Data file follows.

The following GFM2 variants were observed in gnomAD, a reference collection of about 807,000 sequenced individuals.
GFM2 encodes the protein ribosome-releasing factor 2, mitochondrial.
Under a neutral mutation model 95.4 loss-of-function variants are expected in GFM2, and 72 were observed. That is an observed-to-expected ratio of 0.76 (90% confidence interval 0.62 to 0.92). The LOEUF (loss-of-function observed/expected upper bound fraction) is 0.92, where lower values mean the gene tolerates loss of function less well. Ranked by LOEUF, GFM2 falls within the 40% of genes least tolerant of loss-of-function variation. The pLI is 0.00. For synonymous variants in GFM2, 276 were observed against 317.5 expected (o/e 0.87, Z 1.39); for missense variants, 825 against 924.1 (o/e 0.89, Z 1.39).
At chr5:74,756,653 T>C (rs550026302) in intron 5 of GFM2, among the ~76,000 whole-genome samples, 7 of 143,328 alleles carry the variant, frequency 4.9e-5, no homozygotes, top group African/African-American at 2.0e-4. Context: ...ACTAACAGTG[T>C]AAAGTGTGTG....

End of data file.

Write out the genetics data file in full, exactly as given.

The following GFM2 variants were observed in gnomAD, a reference collection of about 807,000 sequenced individuals.
GFM2 encodes the protein ribosome-releasing factor 2, mitochondrial.
Under a neutral mutation model 95.4 loss-of-function variants are expected in GFM2, and 72 were observed. That is an observed-to-expected ratio of 0.76 (90% confidence interval 0.62 to 0.92). The LOEUF (loss-of-function observed/expected upper bound fraction) is 0.92, where lower values mean the gene tolerates loss of function less well. Ranked by LOEUF, GFM2 falls within the 40% of genes least tolerant of loss-of-function variation. The pLI is 0.00. For synonymous variants in GFM2, 276 were observed against 317.5 expected (o/e 0.87, Z 1.39); for missense variants, 825 against 924.1 (o/e 0.89, Z 1.39).
At chr5:74,756,653 T>C (rs550026302) in intron 5 of GFM2, among the ~76,000 whole-genome samples, 7 of 143,328 alleles carry the variant, frequency 4.9e-5, no homozygotes, top group African/African-American at 2.0e-4. Context: ...ACTAACAGTG[T>C]AAAGTGTGTG....